How Can Our Association Board Avoid Common Mistakes?
Gary Hulion is a community manager for FirstService Residential in Georgia. He’s been managing complex communities for 17 years and is currently at Cresswind at Lake Lanier in Gainesville. He shared some insights into what he’s seen go less than perfectly with association boards.
Avoiding or quickly correcting these mistakes will help your board operate effectively and efficiently, allowing you to fulfill your responsibility to protect, maintain and enhance your community and the lifestyles of your residents. Ignoring these issues can cause your board to become gridlocked or simply ineffective and unable to provide residents with the things they need. Over time, this will lead to a decrease in their satisfaction, which can ultimately affect everything from their sense of community to everyone’s property values.
Mistake: Not understanding their rolesThe most well-intentioned volunteers can’t be effective if they don’t have the information they need. Whether it’s the history of the community, what it means to be a board member, how the board and management company work together or how polices are enforced, it’s critical that new board members have the chance to learn what’s expected of them and how to best meet those expectations.
Hulion said that the biggest problem he sees is board members who see their association at a surface level without understanding governing documents, operations and the realities of association finances. “If they have never served on a board, they may not be able to see the big picture, and how their decisions affect the association as a whole,” Hulion explained. “In communities with several phases or sub-associations, members may be so committed to advocating for their piece of the association that they don’t realize how what they want will affect the rest of it.”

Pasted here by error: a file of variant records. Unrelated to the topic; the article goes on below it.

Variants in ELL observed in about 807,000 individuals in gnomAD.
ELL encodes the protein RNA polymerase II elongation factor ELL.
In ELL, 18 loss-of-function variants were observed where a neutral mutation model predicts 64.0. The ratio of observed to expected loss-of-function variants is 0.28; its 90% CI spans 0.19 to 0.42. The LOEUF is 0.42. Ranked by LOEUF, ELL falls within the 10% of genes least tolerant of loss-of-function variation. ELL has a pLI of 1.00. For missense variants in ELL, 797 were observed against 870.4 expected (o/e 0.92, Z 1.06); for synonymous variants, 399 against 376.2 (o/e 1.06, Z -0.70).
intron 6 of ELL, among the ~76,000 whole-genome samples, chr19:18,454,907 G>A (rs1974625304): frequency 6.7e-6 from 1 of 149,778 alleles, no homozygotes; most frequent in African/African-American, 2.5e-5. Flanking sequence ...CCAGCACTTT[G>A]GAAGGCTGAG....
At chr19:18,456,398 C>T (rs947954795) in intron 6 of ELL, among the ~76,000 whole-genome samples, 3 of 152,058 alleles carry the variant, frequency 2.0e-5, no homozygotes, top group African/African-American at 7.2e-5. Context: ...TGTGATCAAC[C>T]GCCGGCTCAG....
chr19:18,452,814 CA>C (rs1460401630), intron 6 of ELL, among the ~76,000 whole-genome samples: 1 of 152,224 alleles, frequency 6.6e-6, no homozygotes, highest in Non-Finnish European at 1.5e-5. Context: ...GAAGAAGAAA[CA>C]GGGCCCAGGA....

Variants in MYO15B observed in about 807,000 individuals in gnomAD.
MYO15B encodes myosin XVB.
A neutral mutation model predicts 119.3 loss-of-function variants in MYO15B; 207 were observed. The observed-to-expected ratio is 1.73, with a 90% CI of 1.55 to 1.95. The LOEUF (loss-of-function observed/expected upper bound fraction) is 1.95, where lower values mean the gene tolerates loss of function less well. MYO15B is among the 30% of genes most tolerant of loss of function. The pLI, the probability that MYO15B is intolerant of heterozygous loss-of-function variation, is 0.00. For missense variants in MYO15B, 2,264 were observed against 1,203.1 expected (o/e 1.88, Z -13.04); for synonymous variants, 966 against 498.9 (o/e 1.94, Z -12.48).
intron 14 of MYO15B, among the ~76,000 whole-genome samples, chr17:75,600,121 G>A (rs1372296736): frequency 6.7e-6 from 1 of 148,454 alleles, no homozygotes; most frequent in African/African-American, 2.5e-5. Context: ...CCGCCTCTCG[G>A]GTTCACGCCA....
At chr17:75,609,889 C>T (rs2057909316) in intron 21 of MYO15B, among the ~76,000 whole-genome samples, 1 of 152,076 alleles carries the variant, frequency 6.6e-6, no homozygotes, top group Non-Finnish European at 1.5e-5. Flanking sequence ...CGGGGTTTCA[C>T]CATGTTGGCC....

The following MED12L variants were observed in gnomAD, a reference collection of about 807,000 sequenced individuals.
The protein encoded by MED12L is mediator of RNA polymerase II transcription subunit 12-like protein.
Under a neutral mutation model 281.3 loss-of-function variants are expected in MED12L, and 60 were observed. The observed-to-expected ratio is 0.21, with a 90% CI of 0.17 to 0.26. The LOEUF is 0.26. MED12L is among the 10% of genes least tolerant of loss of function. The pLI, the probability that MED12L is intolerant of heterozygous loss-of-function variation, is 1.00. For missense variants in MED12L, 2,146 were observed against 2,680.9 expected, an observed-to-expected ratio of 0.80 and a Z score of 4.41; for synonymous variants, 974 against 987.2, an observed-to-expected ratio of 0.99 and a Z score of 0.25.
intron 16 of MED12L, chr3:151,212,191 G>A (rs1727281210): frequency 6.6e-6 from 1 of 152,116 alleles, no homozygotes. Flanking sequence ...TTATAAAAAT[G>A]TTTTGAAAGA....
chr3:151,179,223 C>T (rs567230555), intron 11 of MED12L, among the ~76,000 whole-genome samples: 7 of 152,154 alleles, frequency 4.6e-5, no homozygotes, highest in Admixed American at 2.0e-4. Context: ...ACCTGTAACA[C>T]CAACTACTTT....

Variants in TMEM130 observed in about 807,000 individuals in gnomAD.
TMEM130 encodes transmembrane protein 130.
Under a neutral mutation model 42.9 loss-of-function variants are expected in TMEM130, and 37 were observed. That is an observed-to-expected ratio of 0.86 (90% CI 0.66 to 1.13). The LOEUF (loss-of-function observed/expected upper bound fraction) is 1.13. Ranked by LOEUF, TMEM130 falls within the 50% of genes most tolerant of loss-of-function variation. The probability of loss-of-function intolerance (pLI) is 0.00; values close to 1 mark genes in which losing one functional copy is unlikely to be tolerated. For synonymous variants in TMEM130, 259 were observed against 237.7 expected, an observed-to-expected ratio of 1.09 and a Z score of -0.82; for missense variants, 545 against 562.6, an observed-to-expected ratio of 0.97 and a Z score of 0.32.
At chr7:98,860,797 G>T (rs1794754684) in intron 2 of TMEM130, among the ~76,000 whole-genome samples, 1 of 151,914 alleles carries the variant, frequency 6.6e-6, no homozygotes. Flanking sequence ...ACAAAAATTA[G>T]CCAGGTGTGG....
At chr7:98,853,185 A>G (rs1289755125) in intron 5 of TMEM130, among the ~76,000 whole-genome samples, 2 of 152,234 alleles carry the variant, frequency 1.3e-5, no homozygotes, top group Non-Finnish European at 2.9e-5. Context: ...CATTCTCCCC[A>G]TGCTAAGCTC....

Board education can change the viewpoint of uninformed or contentious board members. Once they know the history of the community and gain some perspective and inside information about why decisions were made, they often become more understanding.
Solution: Education and information
Hulion said that he encourages board members to go to CAI board training seminars and to participate in any available live or online training that CAI offers.
Board members need to thoroughly review the governing documents, most current financial statements and recent management reports before making any decisions. If possible, hold an event that lets all new board members meet the association attorney, CPA, insurance agent and professional engineer so that they understand the depth of resources available to them to assist them in making the best decisions.
Mistake: Making it personalMany people who run for their association board do so with an agenda in mind. Making decisions based on that agenda alone can negatively impact the entire community. Your association is a business, first and foremost, and you cannot run a business if you’re approaching everything from an emotional, personal point of view.